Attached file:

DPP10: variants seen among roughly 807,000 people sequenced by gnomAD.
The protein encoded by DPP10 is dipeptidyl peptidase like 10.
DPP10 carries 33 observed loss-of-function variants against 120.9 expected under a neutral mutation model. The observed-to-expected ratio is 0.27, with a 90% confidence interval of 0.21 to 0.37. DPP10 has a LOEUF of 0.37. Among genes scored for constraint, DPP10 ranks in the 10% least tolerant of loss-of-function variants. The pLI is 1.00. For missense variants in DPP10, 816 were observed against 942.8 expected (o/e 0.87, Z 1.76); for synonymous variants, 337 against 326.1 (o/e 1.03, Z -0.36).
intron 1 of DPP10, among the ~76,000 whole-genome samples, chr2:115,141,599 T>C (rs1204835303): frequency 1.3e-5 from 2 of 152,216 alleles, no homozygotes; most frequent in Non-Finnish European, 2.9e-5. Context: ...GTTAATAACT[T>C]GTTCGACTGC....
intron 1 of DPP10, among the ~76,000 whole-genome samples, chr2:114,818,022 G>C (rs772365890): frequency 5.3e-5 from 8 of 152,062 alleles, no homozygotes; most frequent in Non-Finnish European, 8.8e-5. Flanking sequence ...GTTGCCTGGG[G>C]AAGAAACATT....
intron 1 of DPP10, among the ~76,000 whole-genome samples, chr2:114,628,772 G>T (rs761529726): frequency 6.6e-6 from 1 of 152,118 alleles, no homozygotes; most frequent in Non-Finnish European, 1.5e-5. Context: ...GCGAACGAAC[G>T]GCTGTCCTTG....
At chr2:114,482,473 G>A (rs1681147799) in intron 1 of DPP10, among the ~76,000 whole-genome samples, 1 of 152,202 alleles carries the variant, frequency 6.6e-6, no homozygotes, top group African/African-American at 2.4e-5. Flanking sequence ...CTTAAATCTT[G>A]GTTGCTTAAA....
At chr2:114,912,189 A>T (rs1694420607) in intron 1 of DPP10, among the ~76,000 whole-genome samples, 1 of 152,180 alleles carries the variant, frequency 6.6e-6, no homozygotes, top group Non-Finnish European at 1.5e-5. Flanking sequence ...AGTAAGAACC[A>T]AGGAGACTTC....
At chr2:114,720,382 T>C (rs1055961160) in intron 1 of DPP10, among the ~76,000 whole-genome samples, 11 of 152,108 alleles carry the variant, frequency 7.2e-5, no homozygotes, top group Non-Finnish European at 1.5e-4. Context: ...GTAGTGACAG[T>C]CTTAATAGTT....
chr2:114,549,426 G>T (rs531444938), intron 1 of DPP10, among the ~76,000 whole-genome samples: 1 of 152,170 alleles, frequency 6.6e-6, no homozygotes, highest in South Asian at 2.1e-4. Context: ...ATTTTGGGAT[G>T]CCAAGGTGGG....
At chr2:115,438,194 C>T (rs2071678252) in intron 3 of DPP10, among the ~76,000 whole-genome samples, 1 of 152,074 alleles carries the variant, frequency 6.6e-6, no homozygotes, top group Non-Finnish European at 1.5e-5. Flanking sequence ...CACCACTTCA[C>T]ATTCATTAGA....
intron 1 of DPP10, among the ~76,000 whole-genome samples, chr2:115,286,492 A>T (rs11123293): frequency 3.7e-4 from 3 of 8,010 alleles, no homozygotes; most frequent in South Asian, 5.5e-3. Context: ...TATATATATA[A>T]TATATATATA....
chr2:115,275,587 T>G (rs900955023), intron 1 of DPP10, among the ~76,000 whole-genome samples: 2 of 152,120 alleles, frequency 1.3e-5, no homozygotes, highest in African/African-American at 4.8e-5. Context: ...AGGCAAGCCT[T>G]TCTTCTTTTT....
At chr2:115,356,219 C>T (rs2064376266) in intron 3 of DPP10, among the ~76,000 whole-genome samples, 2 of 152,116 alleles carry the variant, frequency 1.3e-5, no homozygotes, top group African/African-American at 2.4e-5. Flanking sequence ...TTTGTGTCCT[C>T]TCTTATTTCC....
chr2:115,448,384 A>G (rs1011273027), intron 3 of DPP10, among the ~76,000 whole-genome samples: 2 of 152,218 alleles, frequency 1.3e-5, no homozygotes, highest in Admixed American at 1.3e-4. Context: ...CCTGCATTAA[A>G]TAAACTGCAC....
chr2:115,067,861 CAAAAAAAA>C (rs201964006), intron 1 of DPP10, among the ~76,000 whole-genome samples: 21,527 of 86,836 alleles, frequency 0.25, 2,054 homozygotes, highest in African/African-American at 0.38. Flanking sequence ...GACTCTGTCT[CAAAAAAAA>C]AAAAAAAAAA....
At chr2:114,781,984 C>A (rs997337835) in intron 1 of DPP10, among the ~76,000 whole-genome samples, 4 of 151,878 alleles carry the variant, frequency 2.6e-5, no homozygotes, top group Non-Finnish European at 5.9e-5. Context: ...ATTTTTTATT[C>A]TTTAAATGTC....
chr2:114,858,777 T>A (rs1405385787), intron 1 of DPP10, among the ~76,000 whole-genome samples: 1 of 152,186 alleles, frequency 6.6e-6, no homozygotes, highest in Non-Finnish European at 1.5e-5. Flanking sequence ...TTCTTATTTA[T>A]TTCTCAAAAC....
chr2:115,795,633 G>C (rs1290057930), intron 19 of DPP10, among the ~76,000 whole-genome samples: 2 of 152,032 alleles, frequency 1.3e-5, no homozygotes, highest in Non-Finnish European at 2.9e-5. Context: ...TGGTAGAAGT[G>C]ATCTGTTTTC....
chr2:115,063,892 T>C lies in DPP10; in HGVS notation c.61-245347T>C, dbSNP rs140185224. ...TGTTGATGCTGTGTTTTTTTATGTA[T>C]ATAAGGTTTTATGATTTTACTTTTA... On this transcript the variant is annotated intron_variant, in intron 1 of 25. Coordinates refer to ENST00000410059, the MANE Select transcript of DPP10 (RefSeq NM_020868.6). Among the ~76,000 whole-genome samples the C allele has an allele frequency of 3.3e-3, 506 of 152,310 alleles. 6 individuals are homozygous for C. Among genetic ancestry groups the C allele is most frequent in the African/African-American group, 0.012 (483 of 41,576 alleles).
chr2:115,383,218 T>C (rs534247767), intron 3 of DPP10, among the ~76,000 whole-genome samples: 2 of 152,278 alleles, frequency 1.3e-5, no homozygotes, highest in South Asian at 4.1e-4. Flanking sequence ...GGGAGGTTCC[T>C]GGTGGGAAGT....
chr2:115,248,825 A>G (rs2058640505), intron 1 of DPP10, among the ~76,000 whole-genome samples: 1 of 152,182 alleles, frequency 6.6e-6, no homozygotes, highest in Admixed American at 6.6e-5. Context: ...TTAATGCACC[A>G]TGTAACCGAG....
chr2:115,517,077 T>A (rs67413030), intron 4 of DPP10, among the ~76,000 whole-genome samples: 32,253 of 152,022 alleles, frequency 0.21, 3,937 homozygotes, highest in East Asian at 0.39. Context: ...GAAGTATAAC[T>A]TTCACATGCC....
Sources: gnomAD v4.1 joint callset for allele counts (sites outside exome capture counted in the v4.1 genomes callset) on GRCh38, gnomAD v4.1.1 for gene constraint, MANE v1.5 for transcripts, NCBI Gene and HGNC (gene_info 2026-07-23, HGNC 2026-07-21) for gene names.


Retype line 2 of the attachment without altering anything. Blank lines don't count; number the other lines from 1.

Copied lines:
The protein encoded by DPP10 is dipeptidyl peptidase like 10.